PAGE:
Peanuts, Popcorn, and Christmas Cartoons

When I was young, I would get to watch some great TV cartoons during the Christmas season. Waiting to devour a bowl of popcorn, I would anxiously anticipate the appearance of the “special presentation” logo and with abandon throw myself into the stories of Frosty, Kris Kringle, and Rudolph the Red-Nosed Reindeer. Nowadays, kids can watch these cartoons any time, through iTunes, Hulu, and Netflix, but in my day kids could only watch them around Christmas time, which added to the excitement of the season. These shows reminded me that soon we would be celebrating the birth of Jesus—and that soon I would be opening my presents.

However, at my young age I usually “reversed” that order. If my parents or my priest were to have asked me what Christmas meant, I would have had quite a bit to say about what Santa might bring me for Christmas. If I had remembered—and that is a big “if”—I might have mentioned that Christmas is also about the birth of Jesus and the salvation of the world. In my youth, I had offered Jesus a backseat to Star Wars, and I had displaced the truly wonderful gift that I had received from God with opening my own Christmas gifts.

I could easily excuse my behavior as youthful exuberance, blame my immaturity, or point to the commercialization of the season. What I could not get around (even now) is that Linus—the character from Charles Schulz’s “Charlie Brown” comic strip—taught me better; he taught me what Christmas is really about.

Most of us probably recall “A Charlie Brown Christmas,” a TV cartoon special that debuted in 1965 and has been aired every year since. In the cartoon Charlie Brown—the main character in Schulz’s strip—laments the commercialization of Christmas and falls into an emotional depression. Acting as the resident psychiatrist, Lucy (Charlie’s ever-present antagonist) suggests that Charlie Brown direct the school Christmas play, and in so doing find some peace within the Christmas season. However, rather than finding peace, Charlie Brown instead finds greater frustration: the Peanuts gang wants to modernize the Nativity story rather than highlight Jesus’ birth.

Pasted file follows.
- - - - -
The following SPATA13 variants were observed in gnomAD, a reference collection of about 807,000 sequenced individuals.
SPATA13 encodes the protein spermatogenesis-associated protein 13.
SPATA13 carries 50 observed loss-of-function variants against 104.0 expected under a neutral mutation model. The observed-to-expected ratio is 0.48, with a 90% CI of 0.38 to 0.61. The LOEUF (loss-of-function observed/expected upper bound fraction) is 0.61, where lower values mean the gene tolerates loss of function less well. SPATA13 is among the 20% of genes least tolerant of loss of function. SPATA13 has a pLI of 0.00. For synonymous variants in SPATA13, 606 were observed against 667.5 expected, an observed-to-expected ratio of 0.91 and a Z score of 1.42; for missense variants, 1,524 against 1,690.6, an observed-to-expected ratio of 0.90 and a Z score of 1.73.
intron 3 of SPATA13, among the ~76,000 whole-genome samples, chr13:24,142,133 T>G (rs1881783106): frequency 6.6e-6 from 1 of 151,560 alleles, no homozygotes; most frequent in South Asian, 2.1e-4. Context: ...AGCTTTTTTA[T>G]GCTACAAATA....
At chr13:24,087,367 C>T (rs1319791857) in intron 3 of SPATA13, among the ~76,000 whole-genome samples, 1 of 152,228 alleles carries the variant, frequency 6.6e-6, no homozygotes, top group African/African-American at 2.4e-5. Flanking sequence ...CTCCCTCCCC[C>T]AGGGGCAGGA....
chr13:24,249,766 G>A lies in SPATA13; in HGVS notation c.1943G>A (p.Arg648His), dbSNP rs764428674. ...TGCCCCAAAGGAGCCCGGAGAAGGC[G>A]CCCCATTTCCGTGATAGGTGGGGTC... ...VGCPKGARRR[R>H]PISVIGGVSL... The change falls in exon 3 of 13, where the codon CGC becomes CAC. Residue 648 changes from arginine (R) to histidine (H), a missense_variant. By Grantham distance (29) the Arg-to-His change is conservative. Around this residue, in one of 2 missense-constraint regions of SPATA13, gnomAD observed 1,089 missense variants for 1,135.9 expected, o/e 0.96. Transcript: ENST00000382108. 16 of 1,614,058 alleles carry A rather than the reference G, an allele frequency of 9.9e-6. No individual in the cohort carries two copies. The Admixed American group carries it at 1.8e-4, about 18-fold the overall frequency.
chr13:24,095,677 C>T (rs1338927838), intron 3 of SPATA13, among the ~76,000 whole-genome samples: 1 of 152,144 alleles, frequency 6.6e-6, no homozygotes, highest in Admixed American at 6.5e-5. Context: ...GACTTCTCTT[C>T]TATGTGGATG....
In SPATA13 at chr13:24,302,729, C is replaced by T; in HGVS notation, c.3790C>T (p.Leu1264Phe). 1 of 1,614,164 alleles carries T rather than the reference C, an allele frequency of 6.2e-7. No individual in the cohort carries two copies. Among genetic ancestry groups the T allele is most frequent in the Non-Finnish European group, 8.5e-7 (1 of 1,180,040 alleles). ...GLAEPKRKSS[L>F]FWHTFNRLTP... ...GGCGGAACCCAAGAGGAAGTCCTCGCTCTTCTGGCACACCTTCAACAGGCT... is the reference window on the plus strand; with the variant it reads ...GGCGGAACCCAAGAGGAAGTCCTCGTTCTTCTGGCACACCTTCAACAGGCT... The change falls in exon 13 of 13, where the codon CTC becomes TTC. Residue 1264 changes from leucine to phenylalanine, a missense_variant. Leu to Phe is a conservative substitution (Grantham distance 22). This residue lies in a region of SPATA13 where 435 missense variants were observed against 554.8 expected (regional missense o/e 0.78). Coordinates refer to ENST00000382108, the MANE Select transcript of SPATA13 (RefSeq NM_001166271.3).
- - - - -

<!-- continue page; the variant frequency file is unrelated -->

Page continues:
Seeking to create a more appropriate mood, Charlie Brown and Linus (Lucy’s gentler and kinder younger brother) set off to find a Christmas tree for the play. As they leave, Lucy requests that they get a “big, shiny aluminum tree.” However, in the midst of the many extravagant and fake trees in the lot, Charlie Brown finds and chooses a humble, unassuming evergreen—the only real tree available.

Despite Linus’s misgivings, Charlie Brown returns with this tree to rehearsal, where the Peanuts gang promptly laughs at him for his seemingly poor decision. Shaken by their response, Charlie Brown cries out, “Will somebody tell me what Christmas is all about?” Responding to his question, Linus takes center stage and recites six verses from the Gospel of Luke:

And the angel said unto them: “Fear not, for behold, I bring unto you good tidings of great joy, which shall be to all people. For unto you this day is born in the City of Bethlehem a Savior, which is Christ the Lord. And this shall be a sign unto you; you shall find the babe wrapped in swaddling clothes and lying in a manger. And suddenly there was with the angel, a multitude of the heavenly host, praising God, and saying, “Glory to God in the highest, and on Earth peace, good will toward men.” (Luke 2:10–15)